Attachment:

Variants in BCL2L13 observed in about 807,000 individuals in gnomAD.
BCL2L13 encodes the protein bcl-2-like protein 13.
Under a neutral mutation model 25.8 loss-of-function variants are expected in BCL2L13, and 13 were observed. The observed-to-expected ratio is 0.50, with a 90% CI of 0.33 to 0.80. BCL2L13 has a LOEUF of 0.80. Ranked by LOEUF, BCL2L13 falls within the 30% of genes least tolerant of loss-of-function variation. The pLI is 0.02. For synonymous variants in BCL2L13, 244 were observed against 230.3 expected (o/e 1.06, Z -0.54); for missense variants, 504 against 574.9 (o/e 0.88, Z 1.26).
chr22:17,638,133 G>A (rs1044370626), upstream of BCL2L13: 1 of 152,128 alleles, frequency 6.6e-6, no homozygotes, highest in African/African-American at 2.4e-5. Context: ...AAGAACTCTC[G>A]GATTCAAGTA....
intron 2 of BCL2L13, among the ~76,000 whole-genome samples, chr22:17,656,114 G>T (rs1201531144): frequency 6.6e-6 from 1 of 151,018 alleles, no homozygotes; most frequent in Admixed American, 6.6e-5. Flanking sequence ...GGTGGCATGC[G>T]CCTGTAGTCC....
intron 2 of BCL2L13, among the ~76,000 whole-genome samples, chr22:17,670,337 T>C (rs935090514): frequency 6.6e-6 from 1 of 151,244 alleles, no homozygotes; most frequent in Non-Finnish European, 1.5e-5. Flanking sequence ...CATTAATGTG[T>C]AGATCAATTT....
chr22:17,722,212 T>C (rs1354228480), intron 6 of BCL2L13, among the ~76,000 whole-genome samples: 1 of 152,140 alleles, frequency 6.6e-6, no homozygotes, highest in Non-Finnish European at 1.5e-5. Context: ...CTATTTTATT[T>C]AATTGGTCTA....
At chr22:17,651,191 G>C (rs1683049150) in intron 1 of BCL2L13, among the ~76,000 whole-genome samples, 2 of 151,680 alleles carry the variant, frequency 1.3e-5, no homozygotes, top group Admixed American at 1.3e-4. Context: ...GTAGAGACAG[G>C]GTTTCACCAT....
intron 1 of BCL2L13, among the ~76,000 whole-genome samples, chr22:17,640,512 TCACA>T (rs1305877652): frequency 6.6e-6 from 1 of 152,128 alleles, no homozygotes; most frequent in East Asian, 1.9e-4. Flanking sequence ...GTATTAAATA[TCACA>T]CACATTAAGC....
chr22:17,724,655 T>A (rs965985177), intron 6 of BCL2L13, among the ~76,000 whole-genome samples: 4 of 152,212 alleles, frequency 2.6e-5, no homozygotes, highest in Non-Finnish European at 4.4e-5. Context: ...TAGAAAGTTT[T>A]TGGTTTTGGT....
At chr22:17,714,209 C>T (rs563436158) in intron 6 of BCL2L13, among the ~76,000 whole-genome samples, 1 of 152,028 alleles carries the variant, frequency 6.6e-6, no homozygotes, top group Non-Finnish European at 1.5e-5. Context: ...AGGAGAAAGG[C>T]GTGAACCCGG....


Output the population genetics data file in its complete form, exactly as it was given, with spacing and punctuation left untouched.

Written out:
Variants in BCL2L13 observed in about 807,000 individuals in gnomAD.
BCL2L13 encodes the protein bcl-2-like protein 13.
Under a neutral mutation model 25.8 loss-of-function variants are expected in BCL2L13, and 13 were observed. The observed-to-expected ratio is 0.50, with a 90% CI of 0.33 to 0.80. BCL2L13 has a LOEUF of 0.80. Ranked by LOEUF, BCL2L13 falls within the 30% of genes least tolerant of loss-of-function variation. The pLI is 0.02. For synonymous variants in BCL2L13, 244 were observed against 230.3 expected (o/e 1.06, Z -0.54); for missense variants, 504 against 574.9 (o/e 0.88, Z 1.26).
chr22:17,638,133 G>A (rs1044370626), upstream of BCL2L13: 1 of 152,128 alleles, frequency 6.6e-6, no homozygotes, highest in African/African-American at 2.4e-5. Context: ...AAGAACTCTC[G>A]GATTCAAGTA....
intron 2 of BCL2L13, among the ~76,000 whole-genome samples, chr22:17,656,114 G>T (rs1201531144): frequency 6.6e-6 from 1 of 151,018 alleles, no homozygotes; most frequent in Admixed American, 6.6e-5. Flanking sequence ...GGTGGCATGC[G>T]CCTGTAGTCC....
intron 2 of BCL2L13, among the ~76,000 whole-genome samples, chr22:17,670,337 T>C (rs935090514): frequency 6.6e-6 from 1 of 151,244 alleles, no homozygotes; most frequent in Non-Finnish European, 1.5e-5. Flanking sequence ...CATTAATGTG[T>C]AGATCAATTT....
chr22:17,722,212 T>C (rs1354228480), intron 6 of BCL2L13, among the ~76,000 whole-genome samples: 1 of 152,140 alleles, frequency 6.6e-6, no homozygotes, highest in Non-Finnish European at 1.5e-5. Context: ...CTATTTTATT[T>C]AATTGGTCTA....
At chr22:17,651,191 G>C (rs1683049150) in intron 1 of BCL2L13, among the ~76,000 whole-genome samples, 2 of 151,680 alleles carry the variant, frequency 1.3e-5, no homozygotes, top group Admixed American at 1.3e-4. Context: ...GTAGAGACAG[G>C]GTTTCACCAT....
intron 1 of BCL2L13, among the ~76,000 whole-genome samples, chr22:17,640,512 TCACA>T (rs1305877652): frequency 6.6e-6 from 1 of 152,128 alleles, no homozygotes; most frequent in East Asian, 1.9e-4. Flanking sequence ...GTATTAAATA[TCACA>T]CACATTAAGC....
chr22:17,724,655 T>A (rs965985177), intron 6 of BCL2L13, among the ~76,000 whole-genome samples: 4 of 152,212 alleles, frequency 2.6e-5, no homozygotes, highest in Non-Finnish European at 4.4e-5. Context: ...TAGAAAGTTT[T>A]TGGTTTTGGT....
At chr22:17,714,209 C>T (rs563436158) in intron 6 of BCL2L13, among the ~76,000 whole-genome samples, 1 of 152,028 alleles carries the variant, frequency 6.6e-6, no homozygotes, top group Non-Finnish European at 1.5e-5. Context: ...AGGAGAAAGG[C>T]GTGAACCCGG....